Sundays in the off season are made for personal interest and feature stories…so, when I ran across this link from the Wiz I couldn’t ignore it.
Long time college football fans recognize the name of Bobby Lowder as perhaps the ‘most powerful booster in college football’. I first remember learning about Bobby Lowder by reading a big article in Sports Illustrated over ten years ago. The problem is that I can’t remember if it was a piece focused on how Lowder executed the hiring of Terry Bowden or if it was a piece detailing the messy split between Bowden and Auburn amongst allegations that Lowder controlled an elobrate ‘pay for play’ program in the background.
Regardless, not many boosters have their own Wikipedia entry or carries such weight that a website exists ‘dedicated’ to his presence and tracking the number of days remaining in his term as a member of the Auburn Board of Trustees. (The website even has a “Frequently Asked Questions” section where you can learn more about Lowder and his relationship to Auburn.) If you want a more formality supporting the depth of Lowder’s power then this list of The Top 10 Boosters in America from ESPN (in 2006) should suffice.
At the time that ESPN created that list they also wrote quite a profile on Lowder: A Tiger of a Trustee.
Other big-time college boosters might give even larger sums to buy influence within their schools’ athletic department. They get their names plastered on stadiums and weight rooms. They watch games from luxury suites. But no fat cat alive plays the political game to influence a campus quite like the 63-year-old Lowder (Auburn, Class of ’64).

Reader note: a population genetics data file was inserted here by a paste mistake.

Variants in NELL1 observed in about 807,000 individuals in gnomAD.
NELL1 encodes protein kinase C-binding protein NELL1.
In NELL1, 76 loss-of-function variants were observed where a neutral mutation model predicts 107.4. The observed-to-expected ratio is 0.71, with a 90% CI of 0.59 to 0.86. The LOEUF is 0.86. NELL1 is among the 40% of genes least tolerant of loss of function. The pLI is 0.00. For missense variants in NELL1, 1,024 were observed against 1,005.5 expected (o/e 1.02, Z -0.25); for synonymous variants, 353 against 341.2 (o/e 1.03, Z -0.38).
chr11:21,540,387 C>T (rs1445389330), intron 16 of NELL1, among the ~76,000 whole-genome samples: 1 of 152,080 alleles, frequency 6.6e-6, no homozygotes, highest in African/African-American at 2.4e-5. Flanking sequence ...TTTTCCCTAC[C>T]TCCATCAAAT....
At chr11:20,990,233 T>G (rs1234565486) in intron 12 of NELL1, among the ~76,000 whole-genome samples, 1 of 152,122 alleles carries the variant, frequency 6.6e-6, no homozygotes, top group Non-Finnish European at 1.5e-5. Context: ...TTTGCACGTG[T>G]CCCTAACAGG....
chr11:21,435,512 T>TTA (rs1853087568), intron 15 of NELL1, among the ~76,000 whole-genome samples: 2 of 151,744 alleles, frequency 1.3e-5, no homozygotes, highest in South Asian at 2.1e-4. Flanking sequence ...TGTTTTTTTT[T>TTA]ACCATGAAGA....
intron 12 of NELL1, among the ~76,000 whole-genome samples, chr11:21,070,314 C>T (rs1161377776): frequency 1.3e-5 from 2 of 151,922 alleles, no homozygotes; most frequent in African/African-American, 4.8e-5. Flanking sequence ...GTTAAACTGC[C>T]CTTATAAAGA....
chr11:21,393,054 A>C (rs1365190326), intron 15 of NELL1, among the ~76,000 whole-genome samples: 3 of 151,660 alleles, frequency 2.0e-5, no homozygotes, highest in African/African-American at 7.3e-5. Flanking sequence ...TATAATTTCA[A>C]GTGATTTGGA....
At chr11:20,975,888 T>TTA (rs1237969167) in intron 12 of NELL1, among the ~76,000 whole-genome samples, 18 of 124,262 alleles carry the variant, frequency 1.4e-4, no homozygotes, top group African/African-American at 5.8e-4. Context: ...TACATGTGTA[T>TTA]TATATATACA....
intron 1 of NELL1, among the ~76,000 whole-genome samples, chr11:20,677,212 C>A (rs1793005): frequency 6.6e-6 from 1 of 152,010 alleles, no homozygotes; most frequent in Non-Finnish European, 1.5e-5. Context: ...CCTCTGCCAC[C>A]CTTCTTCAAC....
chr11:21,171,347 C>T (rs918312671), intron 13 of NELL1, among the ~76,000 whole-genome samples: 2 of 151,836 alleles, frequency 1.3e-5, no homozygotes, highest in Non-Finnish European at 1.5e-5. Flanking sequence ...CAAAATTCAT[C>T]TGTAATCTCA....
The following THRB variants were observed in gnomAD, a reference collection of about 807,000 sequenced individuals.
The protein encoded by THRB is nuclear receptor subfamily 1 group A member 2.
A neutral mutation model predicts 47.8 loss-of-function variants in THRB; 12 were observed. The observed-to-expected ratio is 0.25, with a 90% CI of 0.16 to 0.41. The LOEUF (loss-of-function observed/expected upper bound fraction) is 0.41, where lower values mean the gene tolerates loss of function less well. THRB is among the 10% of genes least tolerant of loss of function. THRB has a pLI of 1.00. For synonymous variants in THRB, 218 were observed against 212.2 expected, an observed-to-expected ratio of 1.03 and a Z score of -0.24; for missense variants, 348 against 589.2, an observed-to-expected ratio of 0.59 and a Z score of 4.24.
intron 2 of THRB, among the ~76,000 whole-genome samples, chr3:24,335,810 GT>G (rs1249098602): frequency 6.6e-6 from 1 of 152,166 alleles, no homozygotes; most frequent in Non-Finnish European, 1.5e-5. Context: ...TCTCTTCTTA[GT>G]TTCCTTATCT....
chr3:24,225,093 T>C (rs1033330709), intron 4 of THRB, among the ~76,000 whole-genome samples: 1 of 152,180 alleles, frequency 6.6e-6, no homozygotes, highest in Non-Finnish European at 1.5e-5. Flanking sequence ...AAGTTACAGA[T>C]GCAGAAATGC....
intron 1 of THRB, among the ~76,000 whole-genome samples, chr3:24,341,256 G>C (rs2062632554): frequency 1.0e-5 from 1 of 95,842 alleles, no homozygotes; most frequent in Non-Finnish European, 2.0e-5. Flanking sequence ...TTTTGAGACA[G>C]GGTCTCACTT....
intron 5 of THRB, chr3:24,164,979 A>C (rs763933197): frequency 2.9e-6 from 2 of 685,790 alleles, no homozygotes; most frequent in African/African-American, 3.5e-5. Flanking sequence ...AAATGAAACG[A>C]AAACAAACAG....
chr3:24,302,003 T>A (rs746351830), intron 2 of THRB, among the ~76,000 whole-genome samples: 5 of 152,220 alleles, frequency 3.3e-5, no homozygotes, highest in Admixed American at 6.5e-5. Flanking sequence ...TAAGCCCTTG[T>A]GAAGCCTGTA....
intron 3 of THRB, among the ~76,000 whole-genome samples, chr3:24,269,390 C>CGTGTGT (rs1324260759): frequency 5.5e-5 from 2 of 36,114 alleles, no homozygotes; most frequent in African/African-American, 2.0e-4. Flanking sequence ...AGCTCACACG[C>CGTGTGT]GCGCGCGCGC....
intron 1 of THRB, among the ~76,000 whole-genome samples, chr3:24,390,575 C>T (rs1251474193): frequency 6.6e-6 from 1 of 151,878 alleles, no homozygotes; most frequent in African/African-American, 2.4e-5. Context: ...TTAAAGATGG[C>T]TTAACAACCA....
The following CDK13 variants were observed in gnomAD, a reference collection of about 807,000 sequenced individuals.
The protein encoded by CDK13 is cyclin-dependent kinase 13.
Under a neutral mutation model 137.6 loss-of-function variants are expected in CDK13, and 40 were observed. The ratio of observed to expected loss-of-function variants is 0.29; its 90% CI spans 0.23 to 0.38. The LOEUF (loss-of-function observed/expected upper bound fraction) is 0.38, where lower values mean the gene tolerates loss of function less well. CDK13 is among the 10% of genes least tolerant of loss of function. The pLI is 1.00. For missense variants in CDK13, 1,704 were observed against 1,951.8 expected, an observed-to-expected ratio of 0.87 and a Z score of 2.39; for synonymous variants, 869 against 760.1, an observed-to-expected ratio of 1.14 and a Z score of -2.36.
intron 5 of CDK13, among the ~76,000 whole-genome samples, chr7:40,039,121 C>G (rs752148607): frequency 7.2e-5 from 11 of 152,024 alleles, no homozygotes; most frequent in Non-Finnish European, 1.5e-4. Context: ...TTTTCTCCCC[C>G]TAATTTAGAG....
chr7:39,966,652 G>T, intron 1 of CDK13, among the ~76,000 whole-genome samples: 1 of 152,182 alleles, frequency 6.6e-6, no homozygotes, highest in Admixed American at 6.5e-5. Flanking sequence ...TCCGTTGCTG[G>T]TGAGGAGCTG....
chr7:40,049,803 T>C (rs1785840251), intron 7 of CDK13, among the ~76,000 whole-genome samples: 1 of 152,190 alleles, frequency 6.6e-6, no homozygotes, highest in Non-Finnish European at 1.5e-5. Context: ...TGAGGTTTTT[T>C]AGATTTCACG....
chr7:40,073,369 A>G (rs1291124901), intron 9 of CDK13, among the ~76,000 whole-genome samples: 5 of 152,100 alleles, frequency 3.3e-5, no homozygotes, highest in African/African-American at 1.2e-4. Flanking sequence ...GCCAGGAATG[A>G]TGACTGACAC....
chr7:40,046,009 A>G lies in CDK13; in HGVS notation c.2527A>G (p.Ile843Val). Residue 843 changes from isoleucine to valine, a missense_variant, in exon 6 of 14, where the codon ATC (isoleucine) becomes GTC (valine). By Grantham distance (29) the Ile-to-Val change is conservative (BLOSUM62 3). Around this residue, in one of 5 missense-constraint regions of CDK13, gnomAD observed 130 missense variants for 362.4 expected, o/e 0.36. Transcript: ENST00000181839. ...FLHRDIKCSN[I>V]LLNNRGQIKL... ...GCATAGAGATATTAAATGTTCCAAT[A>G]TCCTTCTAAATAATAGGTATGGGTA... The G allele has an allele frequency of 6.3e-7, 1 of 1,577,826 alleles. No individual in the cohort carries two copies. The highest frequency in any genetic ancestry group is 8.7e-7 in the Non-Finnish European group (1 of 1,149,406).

Few sit on their university’s board of trustees and, if so, not as long as Lowder, who was first appointed by Gov. George Wallace in 1983. Nor has anyone filibustered, doled out campaign contributions or fought as tenaciously to hold his post.
Lowder’s fingerprints have lingered for three decades in the hiring and firing of coaches and athletic directors alike — even university presidents. Thus, his brash micromanagement of his alma mater is as renowned as it is reviled.
When Tommy Tuberville was lured away from Mississippi before the 1999 season, Auburn was still paying off four ex-football coaches — head coaches Pat Dye and Terry Bowden, along with defensive coordinators Wayne Hall and “Brother” Bill Oliver. The price tag approached $2.5 million.
Oliver reached a $210,000 settlement after filing suit accusing Lowder and then-athletic director David Housel of reneging on a promise to name Oliver as Bowden’s replacement. Oliver said Lowder first broached the prospect two seasons before Bowden was forced out, adding, “I felt like an old whore.”
Kenneth Ingram, who represented Oliver, called Lowder a man “who has anointed himself a monarch over this, what he considers to be his kingdom.” The attorney attended Auburn and held tickets to a football skybox.
Bowden, now ABC’s college football studio analyst, credits Lowder for his hiring and eventual firing, as well as alleging that Lowder was involved in a deep rooted, pay-for-play scheme in place when Bowden was hired almost a decade ago. (ABC and ESPN are part of The Walt Disney Co.)